I have a strong feeling that the anger we feel will last a lot longer than this “unity” government. Really, there are only two questions in Israel today.
First, “How long will it last?” So far, the overall range is anywhere from 10 minutes to 18 months. And second and perhaps even more ironic, is “What will be the final issue that breaks it?” To this, perhaps the most accurate response was, “What won’t?”


  1. Esther Revivo

    Kudos on a beautifully written blog post that accurately portrays that sad political situation we now face. I agree with every point you mentioned. Indeed, the only unifying concept held by the parties of this ‘unity’ government is the wish to rid the country of Bibi Netanyahu. Bennett lied to his constituency and IMHO he has no political future. He’s lost his former voter base and will be hard put to find a new one. I can only pray that at the last moment, someone in Yamina will come to his/ her senses and prevent this nightmare of a government from being sworn in. Well done yet once again my dear friend!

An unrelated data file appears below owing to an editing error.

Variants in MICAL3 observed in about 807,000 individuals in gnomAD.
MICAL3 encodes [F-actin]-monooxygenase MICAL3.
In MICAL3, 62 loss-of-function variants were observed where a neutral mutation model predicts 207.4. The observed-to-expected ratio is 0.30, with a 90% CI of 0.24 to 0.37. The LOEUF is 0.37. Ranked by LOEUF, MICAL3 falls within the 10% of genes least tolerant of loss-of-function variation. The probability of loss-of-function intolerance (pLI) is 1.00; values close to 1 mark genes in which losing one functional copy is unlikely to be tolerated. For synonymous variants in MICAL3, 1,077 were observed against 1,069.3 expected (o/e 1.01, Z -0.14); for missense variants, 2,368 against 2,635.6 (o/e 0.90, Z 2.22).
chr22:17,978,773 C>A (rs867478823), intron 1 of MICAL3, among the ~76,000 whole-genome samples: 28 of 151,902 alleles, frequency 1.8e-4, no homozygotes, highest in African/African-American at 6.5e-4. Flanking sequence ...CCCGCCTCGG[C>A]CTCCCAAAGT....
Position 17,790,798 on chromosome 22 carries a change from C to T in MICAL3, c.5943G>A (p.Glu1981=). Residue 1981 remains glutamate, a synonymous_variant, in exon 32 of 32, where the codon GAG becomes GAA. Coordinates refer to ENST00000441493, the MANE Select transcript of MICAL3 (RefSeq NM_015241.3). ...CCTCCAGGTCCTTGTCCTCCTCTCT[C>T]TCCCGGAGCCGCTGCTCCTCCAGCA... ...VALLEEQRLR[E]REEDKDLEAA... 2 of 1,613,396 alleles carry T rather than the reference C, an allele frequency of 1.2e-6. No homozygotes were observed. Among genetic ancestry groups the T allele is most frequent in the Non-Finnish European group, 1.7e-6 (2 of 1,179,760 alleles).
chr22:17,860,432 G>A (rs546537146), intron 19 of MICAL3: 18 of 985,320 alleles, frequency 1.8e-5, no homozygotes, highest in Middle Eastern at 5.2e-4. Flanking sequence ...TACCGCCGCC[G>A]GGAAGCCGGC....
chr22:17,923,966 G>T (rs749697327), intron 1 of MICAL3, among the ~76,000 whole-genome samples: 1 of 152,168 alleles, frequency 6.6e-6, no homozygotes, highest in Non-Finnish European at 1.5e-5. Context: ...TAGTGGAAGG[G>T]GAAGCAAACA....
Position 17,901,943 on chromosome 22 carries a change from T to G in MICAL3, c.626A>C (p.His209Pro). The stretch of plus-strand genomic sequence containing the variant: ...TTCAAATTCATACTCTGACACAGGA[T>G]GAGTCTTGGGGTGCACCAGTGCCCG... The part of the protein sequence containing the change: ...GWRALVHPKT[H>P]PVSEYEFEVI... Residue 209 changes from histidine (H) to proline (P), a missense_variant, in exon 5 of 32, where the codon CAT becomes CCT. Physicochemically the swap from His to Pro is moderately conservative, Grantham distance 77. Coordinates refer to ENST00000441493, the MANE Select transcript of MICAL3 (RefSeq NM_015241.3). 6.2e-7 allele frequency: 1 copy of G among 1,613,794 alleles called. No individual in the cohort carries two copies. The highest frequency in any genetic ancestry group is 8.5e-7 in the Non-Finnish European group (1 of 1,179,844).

2. Michael

    1. You conveniently left out all the negatives of the status quo. 2. Why aren’t you upset at Smotrich? He was also a hold out in what Bibi was trying to concoct…perpetual elections to serve one man is not the better option. 3. How come Netanyahu wouldn’t resign and let someone else lead the Likud instead in order to save a right wing government? 4. When Netanyahu formed the government with Barak did he betray his voters then? 5. Imagining the worst doesn’t mean it will definitely happen. If this new government doesn’t last which I agree is not unlikely we can finally form a right wing government that does right wing things instead of just talking about it.